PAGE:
Autism or Asperger’s which is it? Well that depends on where & when you were/are diagnosed.
In 2013 the US made a switch to the DSM-5. The medical coldness and pathology in this document still makes my skin crawl. It is so negative and one-sided. I wish for every bad thing they listed they could add some of the skills that you can look for and encourage in Autistic children.
Other countries use other similar diagnostic manuals.
This switch has caused a great deal of confusion because of the way it eliminated Asperger’s, lumping it into the Autism Spectrum.
Now in the US, depending on when you were diagnosed, there is no Asperger’s – we are all Autistic. Random Aspie fact – some people diagnosed pre 2013 with Asperger’s choose to say they have Asperger’s and others choose to tell people they are Autistic.
People were starting to understand Asperger’s as nerds but the new Autism terminology carries a totally different set of stereotypes and stigmas. Before when you told someone you had Asperger’s they could almost accept it sometimes.
Now if you tell them you are Autistic they immediately doubt you (only because they do not understand what Autism really is).
Going by the old diagnostic manual I would have Asperger’s because I was practically born reading and speaking (despite not knowing what I was even saying half the time). Fairly classic, a child lost in her own world of things and thoughts.
I had a fragile appearance and a cold serious blank face. Somehow my relaxed face always prompted people to ask me if I was alright. Apparently I appeared uncomfortable. I’ve since learned to match my face better to the situation.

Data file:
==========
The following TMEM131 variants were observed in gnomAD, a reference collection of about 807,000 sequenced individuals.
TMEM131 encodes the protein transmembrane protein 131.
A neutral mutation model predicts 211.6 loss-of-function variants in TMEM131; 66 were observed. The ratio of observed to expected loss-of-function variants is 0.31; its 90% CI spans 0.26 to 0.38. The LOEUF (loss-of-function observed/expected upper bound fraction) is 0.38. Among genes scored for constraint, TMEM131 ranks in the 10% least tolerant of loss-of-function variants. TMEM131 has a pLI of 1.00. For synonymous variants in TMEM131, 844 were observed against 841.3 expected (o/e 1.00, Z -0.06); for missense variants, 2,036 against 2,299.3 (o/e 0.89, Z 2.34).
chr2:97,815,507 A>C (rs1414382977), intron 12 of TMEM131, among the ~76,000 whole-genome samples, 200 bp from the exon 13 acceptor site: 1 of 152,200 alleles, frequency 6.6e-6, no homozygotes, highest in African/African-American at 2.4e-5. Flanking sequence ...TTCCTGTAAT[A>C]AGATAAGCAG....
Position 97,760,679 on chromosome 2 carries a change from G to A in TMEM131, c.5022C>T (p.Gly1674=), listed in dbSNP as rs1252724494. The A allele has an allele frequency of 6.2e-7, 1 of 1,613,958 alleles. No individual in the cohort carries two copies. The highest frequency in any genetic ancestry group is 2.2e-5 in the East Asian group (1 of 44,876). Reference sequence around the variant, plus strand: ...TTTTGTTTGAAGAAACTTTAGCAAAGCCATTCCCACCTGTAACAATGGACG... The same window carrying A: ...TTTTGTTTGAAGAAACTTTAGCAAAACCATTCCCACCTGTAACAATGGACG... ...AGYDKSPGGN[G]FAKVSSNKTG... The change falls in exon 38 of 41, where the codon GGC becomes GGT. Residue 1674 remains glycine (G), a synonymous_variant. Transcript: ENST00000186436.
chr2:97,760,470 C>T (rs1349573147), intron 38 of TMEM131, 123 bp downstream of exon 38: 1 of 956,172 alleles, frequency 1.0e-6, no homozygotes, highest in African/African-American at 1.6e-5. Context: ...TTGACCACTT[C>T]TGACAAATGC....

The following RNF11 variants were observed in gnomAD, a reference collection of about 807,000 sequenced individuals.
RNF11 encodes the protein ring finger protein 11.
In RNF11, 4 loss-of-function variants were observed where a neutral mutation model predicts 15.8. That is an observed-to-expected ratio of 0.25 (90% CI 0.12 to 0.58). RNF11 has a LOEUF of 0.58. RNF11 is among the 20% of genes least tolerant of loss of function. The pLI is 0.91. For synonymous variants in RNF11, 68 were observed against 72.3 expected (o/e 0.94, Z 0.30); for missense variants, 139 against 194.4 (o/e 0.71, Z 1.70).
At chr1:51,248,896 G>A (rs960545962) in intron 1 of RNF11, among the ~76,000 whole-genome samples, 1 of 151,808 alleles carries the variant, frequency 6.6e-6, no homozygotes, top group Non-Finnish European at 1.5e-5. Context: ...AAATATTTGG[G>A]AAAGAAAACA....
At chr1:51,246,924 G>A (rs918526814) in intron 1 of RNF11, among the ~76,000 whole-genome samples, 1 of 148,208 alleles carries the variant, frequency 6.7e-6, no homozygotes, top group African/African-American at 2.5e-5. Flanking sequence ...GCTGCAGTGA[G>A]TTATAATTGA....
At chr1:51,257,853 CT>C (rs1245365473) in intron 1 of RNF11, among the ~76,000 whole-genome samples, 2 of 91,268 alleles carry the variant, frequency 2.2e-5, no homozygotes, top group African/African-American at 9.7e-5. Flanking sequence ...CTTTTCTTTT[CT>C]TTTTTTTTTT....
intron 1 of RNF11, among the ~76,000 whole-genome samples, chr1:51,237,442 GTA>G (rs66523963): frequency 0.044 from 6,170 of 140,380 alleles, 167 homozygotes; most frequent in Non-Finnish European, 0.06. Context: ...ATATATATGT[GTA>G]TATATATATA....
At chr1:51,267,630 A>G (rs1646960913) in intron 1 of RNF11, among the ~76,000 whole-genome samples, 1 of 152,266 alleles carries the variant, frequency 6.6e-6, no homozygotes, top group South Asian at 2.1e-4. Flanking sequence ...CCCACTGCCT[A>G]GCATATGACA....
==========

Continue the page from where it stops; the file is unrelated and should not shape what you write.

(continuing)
When asked about topics of interest I could ramble on about them endlessly. My grandparents thought I was cute and my mother thought I was a wise ass. I was a “smart kid who didn’t try hard enough”.
Nobody noticed my invisible struggles, my sensory sensitivities, my poor coordination, lack of organization, and troubles making friends. The social things always were dismissed as long as I kept everything else in line. I was “too smart” and “lazy” and a million other names.
Only a few years ago did I solve the mystery – I first learned about Autism – really learned about it and understood what it was. I’d heard about Autism before but only in a very medical way. Hearing my life like this did not set off any alarms.
What shook me awake before and after my diagnosis were the voices of other Aspies on the internet and in books. Reading things from their perspectives was like reading things from my own perspective. Things I thought were unique struggles to me are very common Aspie troubles.
This is why I encourage every one of you to write and share your stories – because people NEED to hear them. If the Aspies before me had not done the work to share their Autism stories I would still be lost and this blog would not exist.
These little ripples can turn into big waves. Make waves. You are not alone.
It doesn’t matter to me if I’m Autistic or Asperger’s. We’re all in this together and regardless of our labels do share many of the same experiences.